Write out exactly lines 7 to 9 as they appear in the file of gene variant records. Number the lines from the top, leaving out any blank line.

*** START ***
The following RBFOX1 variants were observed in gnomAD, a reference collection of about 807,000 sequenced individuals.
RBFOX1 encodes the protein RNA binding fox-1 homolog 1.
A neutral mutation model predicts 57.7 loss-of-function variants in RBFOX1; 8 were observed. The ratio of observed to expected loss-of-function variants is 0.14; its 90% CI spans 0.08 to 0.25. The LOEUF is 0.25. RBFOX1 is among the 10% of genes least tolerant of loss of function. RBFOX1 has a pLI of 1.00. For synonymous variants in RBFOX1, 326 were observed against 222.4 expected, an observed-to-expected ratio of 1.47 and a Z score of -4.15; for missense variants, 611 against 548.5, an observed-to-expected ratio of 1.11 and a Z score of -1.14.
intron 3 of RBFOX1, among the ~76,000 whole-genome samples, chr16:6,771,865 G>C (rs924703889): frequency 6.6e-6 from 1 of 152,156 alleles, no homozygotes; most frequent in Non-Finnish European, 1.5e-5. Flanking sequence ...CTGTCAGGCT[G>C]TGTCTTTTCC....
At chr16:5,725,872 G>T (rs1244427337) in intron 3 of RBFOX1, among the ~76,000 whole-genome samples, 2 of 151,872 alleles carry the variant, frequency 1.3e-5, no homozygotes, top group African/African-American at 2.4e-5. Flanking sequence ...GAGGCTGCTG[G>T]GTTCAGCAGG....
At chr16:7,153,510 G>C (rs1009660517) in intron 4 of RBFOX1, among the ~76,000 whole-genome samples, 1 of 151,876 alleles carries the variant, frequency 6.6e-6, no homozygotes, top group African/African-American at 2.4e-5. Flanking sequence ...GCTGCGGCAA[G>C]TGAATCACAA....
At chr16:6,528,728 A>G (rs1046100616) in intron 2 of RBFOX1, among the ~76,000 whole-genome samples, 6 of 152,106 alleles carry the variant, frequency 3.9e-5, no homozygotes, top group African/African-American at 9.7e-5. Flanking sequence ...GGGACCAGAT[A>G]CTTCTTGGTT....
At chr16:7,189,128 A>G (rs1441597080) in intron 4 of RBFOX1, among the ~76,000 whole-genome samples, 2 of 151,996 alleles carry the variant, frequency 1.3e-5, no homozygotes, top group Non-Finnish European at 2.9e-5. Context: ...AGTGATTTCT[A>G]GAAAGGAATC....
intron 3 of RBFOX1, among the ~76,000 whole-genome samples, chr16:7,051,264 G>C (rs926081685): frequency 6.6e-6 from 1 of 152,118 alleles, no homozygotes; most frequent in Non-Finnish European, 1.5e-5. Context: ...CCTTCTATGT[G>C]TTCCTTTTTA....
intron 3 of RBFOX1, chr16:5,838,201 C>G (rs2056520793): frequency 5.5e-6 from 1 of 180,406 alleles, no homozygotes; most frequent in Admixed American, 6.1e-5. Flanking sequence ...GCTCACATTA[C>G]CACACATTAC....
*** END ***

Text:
At chr16:6,528,728 A>G (rs1046100616) in intron 2 of RBFOX1, among the ~76,000 whole-genome samples, 6 of 152,106 alleles carry the variant, frequency 3.9e-5, no homozygotes, top group African/African-American at 9.7e-5. Flanking sequence ...GGGACCAGAT[A>G]CTTCTTGGTT....
At chr16:7,189,128 A>G (rs1441597080) in intron 4 of RBFOX1, among the ~76,000 whole-genome samples, 2 of 151,996 alleles carry the variant, frequency 1.3e-5, no homozygotes, top group Non-Finnish European at 2.9e-5. Context: ...AGTGATTTCT[A>G]GAAAGGAATC....
intron 3 of RBFOX1, among the ~76,000 whole-genome samples, chr16:7,051,264 G>C (rs926081685): frequency 6.6e-6 from 1 of 152,118 alleles, no homozygotes; most frequent in Non-Finnish European, 1.5e-5. Context: ...CCTTCTATGT[G>C]TTCCTTTTTA....